Inferior infarction, evolution after fibrinolysis

N° 34
51-year-old man, smoker, hypertensive, hospitalized in a peripheral hospital for typical constrictive chest pain, unresponsive to sublingual nitroglycerine initiated 4 hours earlier;
Inferior infarction, evolution after fibrinolysis
Inferior infarction, evolution after fibrinolysis
Inferior infarction, evolution after fibrinolysis
Inferior infarction, evolution after fibrinolysis
Inferior infarction, evolution after fibrinolysis
Inferior infarction, evolution after fibrinolysis

This patient presented with an inferior myocardial infarction requiring fibrinolysis therapy. Secondary coronary angiography revealed a severe stenosis of the second segment of the right coronary artery (absence of thrombus indicating the efficacy of fibrinolysis); this patient received angioplasty with stent placement. Ultrasound showed inferior hypokinesia with a left ventricular ejection fraction evaluated at 55%.

This patient presented various signs of effective reperfusion after fibrinolysis: rapid disappearance of pain and segment elevation, ventricular couplets in conjunction with pain cessation, premature T-wave inversion in the territory previously presenting with elevation.

As a result of the thrombosis of a coronary artery, reperfusion may sometimes be spontaneous or occur as a result of fibrinolysis treatment or emergency angioplasty. In the absence of reperfusion, ST-segment elevation usually regresses within 12 to 24 hours with the appearance and persistence of necrosis Q-waves in the culprit territory. When fibrinolytic treatment is performed, certain clinical and electrocardiographic signs are suggestive of effective reperfusion.

At a time when coronary angiography was not yet available, it was not possible to directly visualize the resumption of flow and the following signs were the only signs allowing to suspect reperfusion:

  • an early regression of the amplitude of the elevation (>50% within a few minutes) is a good indicator of a resumption of myocardial perfusion and is most often associated with resolution of the anginal symptomatology and a recovery of segmental myocardial contractility; the rapid regression of the elevation is a factor of good prognosis;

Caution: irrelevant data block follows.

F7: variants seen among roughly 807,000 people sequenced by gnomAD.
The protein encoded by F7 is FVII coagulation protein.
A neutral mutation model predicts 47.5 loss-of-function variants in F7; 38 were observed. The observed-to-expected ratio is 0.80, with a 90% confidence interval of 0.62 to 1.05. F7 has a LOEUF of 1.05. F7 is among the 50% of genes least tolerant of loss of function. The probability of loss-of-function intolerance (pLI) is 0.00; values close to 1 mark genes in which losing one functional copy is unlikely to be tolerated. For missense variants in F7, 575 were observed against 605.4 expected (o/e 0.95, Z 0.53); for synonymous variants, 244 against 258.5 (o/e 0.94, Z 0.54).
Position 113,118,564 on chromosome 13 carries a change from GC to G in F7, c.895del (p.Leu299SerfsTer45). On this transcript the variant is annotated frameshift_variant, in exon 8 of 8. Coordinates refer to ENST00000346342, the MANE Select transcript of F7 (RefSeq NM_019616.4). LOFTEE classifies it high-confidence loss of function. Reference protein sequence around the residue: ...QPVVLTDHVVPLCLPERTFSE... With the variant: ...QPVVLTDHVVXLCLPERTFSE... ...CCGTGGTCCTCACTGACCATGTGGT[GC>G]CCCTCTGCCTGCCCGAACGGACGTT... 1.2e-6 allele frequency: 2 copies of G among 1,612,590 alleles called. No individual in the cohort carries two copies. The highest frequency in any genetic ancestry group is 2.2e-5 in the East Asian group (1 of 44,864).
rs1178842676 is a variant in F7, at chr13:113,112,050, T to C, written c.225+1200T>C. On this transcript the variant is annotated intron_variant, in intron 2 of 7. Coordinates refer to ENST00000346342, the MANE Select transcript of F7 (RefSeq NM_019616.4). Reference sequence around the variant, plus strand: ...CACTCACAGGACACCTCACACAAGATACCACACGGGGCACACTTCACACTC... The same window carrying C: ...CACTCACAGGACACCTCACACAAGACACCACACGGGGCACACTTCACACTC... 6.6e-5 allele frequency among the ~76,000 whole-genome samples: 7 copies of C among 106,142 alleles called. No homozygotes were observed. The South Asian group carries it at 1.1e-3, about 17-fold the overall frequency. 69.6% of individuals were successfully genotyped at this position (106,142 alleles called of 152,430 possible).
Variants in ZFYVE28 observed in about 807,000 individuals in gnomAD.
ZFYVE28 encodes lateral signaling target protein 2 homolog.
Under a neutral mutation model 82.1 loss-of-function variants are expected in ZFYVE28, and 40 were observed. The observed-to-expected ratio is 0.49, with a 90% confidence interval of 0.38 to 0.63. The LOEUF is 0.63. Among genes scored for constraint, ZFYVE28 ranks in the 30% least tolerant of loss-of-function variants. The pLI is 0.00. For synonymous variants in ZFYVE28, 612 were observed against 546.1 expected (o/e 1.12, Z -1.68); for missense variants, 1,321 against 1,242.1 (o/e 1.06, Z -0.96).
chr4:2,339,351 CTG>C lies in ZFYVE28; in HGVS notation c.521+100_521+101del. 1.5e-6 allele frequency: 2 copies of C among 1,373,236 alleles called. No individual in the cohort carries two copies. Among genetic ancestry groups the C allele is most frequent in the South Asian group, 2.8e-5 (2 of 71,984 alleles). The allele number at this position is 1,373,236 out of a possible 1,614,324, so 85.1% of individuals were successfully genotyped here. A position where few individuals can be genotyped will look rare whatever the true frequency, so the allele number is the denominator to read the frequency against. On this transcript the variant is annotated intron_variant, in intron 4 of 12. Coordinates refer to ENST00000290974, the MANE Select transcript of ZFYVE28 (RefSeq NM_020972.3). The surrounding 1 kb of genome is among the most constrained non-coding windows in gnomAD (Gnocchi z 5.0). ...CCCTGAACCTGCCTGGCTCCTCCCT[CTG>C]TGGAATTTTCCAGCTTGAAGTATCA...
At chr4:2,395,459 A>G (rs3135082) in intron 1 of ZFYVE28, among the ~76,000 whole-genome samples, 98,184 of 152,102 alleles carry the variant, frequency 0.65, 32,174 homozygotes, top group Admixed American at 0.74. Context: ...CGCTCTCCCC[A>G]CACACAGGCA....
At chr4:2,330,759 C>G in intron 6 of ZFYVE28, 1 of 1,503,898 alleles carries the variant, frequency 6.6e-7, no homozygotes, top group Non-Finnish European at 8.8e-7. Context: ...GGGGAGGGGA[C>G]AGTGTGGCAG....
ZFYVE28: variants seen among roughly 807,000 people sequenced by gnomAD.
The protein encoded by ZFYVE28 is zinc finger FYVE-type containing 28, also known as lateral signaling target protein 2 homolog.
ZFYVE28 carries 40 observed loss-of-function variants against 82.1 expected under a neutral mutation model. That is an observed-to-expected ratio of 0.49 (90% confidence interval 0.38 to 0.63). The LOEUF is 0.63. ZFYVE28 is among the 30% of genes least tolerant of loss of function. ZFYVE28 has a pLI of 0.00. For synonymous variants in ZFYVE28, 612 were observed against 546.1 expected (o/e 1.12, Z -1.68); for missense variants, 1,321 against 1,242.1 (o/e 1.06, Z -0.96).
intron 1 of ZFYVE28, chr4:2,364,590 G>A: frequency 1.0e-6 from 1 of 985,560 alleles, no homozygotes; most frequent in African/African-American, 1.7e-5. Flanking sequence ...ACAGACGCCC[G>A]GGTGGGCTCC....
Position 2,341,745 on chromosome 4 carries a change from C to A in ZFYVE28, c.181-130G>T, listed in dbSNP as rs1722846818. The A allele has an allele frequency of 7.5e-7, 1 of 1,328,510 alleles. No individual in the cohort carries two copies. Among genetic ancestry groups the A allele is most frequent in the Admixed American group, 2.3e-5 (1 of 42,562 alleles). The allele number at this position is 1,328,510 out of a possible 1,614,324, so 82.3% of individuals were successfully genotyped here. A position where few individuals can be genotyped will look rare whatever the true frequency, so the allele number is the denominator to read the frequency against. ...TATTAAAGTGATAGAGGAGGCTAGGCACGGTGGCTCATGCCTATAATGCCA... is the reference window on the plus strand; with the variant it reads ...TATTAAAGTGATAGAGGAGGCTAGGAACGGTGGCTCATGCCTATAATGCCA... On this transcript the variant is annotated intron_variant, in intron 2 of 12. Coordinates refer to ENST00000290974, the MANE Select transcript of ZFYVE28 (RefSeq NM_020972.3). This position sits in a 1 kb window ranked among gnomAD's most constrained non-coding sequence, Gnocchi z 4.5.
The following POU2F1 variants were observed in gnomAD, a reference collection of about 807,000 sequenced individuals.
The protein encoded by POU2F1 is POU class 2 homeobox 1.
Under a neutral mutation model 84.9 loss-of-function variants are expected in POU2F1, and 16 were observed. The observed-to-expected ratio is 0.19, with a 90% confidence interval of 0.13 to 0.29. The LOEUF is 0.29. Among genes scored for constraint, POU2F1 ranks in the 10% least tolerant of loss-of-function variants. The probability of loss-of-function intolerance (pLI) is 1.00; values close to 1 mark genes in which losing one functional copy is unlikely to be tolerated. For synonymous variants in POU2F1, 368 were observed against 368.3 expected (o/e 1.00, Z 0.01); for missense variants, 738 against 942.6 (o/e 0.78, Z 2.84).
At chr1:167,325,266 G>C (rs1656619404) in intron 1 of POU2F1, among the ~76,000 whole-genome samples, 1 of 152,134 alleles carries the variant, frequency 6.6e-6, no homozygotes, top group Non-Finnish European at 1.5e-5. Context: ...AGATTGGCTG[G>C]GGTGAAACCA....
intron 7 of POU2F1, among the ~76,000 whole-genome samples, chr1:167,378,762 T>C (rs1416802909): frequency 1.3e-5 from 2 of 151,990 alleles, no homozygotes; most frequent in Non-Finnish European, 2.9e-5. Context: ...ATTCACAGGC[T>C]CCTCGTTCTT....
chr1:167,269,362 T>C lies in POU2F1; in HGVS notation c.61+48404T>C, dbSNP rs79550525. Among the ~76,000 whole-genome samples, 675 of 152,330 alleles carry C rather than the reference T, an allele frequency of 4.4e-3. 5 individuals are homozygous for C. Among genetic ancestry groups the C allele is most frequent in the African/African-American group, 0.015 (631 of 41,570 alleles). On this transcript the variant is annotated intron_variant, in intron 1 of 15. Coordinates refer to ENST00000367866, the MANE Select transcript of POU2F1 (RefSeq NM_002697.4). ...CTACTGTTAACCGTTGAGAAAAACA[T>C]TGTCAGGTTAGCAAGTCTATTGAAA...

• an early inversion of the T-wave (observed within 2 hours after the initiation of fibrinolysis) in the leads that exhibited the elevation is also a very specific sign of reperfusion;
  • reperfusion arrhythmias are frequent and are most often benign; the appearance of isolated ventricular extrasystoles, in couplets (as in this patient) or in short nonsustained  bursts is frequently observed during reperfusion; an AIVR (accelerated idioventricular rhythm), corresponding to a focal ventricular rhythm (between 60 and 120 bpm), occurs in about 50% of patients with effective reperfusion; these reperfusion arrhythmias are usually transient and only last a few seconds or minutes and do not require any particular treatment;
  • in certain patients with inferior or posterior infarction, reperfusion may be accompanied by the occurrence of a transient sinus bradycardia which may temporarily alter the hemodynamics of the patient;
  • in contrast, the persistence of pain and of the elevation, the presence of a hemodynamic instability are indicative of an absent or incomplete reperfusion; similarly, the occurrence of sustained monomorphic ventricular tachycardia should not be considered as a sign of reperfusion.
Following fibrinolytic therapy, various clinical and electrocardiographic signs are suggestive of an effective reperfusion: rapid resolution of anginal symptomatology, regression of the elevation, occurrence of reperfusion arrhythmias, early appearance of a negative T-wave.